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International Women’s Day events highlight gaps in gender equality


MADRID — Millions of people around the world planned to march, attend conferences and enjoy artistic events on Wednesday to mark International Women’s Day, an annual celebration set to recognize women and demand equality for half of the world population.

While activists have noted progress in some countries, repression in countries such as Afghanistan and Iran, and the large numbers of women and girls experiencing sexual and domestic violence worldwide, underline the ongoing struggle to secure women’s rights.

United Nations Secretary-General Antonio Guterres noted this week that women’s rights are being “misused, threatened and violated” around the world and that gender equality will not be achieved for the next 300 years given the current rate of change.

Progress made in decades is disappearing because “the patriarchy is fighting back,” Guterres said.

The United Nations recognized International Women’s Day in 1977, but the occasion has its roots in labor movements of the early 20th century. The day is commemorated in different ways and to varying degrees in different countries.

Women gathered in Pakistan’s major cities to march under tight security. According to the organizers, the demonstrations were aimed at pursuing rights guaranteed by the constitution. Some conservative groups threatened to violently stop similar marches last year.

Women’s rights activists in Japan held a small rally to renew their demand for the government to allow married couples to continue using different surnames. Under the Civil Code of 1898, a couple must adopt “the surname of the husband or wife” at the time of marriage.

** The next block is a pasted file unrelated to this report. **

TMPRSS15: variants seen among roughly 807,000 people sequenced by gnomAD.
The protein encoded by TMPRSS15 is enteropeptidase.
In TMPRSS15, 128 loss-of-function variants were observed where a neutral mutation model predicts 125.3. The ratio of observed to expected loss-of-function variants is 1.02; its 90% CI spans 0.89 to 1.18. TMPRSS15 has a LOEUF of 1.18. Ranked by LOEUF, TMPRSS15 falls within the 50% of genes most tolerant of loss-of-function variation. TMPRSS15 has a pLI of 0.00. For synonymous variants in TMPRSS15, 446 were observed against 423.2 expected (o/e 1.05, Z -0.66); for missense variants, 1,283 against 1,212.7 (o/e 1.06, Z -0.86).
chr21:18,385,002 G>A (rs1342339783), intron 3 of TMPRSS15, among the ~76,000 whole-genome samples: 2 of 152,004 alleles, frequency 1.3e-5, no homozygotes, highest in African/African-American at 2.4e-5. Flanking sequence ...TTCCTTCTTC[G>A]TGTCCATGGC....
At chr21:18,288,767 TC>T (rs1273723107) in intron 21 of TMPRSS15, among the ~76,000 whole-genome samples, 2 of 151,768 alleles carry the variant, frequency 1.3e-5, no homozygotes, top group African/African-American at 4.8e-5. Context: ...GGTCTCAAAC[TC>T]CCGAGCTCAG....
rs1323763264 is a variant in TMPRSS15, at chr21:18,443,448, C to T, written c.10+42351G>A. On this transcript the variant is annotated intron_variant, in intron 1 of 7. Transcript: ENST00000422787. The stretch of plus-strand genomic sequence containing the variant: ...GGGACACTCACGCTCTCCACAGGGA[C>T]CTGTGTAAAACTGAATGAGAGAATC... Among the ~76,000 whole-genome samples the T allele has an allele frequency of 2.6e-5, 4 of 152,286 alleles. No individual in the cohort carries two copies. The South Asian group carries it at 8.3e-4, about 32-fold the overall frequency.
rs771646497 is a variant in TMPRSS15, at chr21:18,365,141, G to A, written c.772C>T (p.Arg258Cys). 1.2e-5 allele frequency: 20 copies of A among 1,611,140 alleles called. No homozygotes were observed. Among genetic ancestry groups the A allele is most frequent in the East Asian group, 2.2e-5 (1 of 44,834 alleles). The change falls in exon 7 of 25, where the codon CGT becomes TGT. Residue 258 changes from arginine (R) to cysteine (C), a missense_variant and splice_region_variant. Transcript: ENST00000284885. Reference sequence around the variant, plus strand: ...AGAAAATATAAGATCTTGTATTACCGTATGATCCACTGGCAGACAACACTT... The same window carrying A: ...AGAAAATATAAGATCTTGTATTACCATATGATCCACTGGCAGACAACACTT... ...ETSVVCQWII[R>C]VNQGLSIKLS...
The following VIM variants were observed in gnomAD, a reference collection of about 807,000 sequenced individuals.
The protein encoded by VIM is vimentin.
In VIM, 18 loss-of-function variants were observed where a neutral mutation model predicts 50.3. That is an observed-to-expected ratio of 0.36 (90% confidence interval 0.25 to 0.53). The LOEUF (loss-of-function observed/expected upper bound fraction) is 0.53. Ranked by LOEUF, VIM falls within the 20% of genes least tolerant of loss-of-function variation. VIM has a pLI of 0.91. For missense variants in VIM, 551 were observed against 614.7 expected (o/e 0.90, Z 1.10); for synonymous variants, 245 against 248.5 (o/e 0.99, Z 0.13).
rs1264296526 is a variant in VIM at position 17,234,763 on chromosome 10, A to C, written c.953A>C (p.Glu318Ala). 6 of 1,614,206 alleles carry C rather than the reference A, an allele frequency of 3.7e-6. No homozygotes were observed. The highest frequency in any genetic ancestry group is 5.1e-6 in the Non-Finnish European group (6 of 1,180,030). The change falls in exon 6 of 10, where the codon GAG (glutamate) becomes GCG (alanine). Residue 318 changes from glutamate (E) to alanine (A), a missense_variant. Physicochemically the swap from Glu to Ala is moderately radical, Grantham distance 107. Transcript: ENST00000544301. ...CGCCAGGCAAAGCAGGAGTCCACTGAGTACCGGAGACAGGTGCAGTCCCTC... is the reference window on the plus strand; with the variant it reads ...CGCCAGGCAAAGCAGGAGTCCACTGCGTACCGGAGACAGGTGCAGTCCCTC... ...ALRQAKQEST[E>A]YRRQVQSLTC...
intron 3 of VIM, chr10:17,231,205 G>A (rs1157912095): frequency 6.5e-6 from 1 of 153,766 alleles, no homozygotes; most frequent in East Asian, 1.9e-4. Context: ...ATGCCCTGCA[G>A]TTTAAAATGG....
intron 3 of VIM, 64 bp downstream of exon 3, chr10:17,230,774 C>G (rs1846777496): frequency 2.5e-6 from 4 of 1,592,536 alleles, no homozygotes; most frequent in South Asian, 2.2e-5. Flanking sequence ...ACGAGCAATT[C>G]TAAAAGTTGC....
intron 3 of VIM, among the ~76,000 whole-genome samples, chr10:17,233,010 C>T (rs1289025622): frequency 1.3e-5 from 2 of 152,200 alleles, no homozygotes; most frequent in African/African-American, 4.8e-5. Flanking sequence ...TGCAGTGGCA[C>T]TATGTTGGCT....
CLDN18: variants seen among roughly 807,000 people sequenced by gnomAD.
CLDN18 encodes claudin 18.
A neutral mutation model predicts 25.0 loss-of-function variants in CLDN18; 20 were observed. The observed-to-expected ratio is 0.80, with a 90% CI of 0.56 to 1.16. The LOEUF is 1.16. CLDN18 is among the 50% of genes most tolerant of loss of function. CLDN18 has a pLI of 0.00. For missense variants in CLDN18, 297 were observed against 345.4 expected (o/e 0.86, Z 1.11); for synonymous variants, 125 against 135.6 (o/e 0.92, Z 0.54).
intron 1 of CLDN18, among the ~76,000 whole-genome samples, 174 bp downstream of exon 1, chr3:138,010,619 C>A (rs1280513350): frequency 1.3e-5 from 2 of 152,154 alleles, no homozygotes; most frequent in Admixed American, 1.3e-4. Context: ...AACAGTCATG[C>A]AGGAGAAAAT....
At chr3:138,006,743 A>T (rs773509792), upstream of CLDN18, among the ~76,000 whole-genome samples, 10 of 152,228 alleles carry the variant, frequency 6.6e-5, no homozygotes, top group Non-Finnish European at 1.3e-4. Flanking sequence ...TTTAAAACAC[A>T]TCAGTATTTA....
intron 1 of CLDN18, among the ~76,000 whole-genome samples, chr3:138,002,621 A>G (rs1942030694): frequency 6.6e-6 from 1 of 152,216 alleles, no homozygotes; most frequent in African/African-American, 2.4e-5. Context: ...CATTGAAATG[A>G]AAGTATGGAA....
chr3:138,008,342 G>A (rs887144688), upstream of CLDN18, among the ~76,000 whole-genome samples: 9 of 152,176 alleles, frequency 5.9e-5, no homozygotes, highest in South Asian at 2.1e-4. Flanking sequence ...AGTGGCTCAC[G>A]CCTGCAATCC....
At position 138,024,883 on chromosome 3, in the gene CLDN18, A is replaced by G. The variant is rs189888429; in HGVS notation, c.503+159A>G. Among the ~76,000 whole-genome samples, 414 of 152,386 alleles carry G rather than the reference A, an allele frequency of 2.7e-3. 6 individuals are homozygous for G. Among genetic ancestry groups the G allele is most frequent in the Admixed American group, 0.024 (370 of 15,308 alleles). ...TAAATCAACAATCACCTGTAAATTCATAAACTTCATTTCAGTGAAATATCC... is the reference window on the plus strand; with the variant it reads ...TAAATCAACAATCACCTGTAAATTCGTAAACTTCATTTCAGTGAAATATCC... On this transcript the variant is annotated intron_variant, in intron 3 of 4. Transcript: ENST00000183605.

The activists argued that the law contributes to gender inequality because women feel strong pressure to take their husband’s name. Surveys show that the majority support both men and women keeping their own names.

In the Philippines, hundreds of protesters from various women’s groups gathered in Manila for higher wages and decent jobs.

“We see the biggest gender pay gap,” said protest leader Joms Salvador. “We are seeing an unprecedented increase in the number of female workers working informally without any protection.”

The United Nations has identified Afghanistan as the most repressive in the world for women and girls since the Taliban takeover in 2021. The UN mission said Afghanistan’s new rulers “imposed rules that effectively lock most women and girls in their homes “.

They have banned education for girls after sixth grade and denied women access to public spaces such as parks and gyms. Women must cover themselves from head to toe and are also not allowed to work for national and international non-governmental organizations.

In Spain, more than 1 million people were expected for rowdy evening demonstrations in Madrid, Barcelona and other cities. Large rallies are also organized that are also expected in many other cities around the world, while only small events are held in some countries.

Spain on Tuesday passed a new parity law requiring women – and men – to make up at least 40% of the boards of listed companies and large private companies. The same will apply to the Spanish government cabinet.

Political parties must also have gender equality on their electoral lists, with alternating names of male and female candidates.

Activists and leftist governments in Spain have been promoting women’s rights over the past two decades in areas such as access to abortion, menstrual leave and parental leave. Many European countries have also made progress in gender equality.

This is the first International Women’s Day since last year the US Supreme Court overturned the constitutional right to abortion and many states introduced restrictions on abortion.

Associated Press writers around the world contributed to this report.

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